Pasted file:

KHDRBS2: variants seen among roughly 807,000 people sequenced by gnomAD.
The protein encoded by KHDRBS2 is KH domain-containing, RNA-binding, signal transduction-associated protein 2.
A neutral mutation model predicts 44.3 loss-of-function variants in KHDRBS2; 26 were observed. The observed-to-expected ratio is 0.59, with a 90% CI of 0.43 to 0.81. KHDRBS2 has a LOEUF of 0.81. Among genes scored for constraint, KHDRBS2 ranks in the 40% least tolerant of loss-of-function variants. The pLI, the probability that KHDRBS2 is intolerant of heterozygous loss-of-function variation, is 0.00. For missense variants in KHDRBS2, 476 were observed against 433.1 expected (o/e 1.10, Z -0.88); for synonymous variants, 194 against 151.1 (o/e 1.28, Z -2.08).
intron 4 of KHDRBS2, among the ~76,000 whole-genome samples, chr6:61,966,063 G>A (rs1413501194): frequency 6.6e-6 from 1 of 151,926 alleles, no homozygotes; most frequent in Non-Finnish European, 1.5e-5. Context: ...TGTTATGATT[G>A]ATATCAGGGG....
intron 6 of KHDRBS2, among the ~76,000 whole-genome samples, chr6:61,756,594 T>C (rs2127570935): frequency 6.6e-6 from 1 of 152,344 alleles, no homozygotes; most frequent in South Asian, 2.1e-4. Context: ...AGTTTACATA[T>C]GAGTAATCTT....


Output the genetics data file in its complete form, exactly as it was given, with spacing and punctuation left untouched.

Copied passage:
KHDRBS2: variants seen among roughly 807,000 people sequenced by gnomAD.
The protein encoded by KHDRBS2 is KH domain-containing, RNA-binding, signal transduction-associated protein 2.
A neutral mutation model predicts 44.3 loss-of-function variants in KHDRBS2; 26 were observed. The observed-to-expected ratio is 0.59, with a 90% CI of 0.43 to 0.81. KHDRBS2 has a LOEUF of 0.81. Among genes scored for constraint, KHDRBS2 ranks in the 40% least tolerant of loss-of-function variants. The pLI, the probability that KHDRBS2 is intolerant of heterozygous loss-of-function variation, is 0.00. For missense variants in KHDRBS2, 476 were observed against 433.1 expected (o/e 1.10, Z -0.88); for synonymous variants, 194 against 151.1 (o/e 1.28, Z -2.08).
intron 4 of KHDRBS2, among the ~76,000 whole-genome samples, chr6:61,966,063 G>A (rs1413501194): frequency 6.6e-6 from 1 of 151,926 alleles, no homozygotes; most frequent in Non-Finnish European, 1.5e-5. Context: ...TGTTATGATT[G>A]ATATCAGGGG....
intron 6 of KHDRBS2, among the ~76,000 whole-genome samples, chr6:61,756,594 T>C (rs2127570935): frequency 6.6e-6 from 1 of 152,344 alleles, no homozygotes; most frequent in South Asian, 2.1e-4. Context: ...AGTTTACATA[T>C]GAGTAATCTT....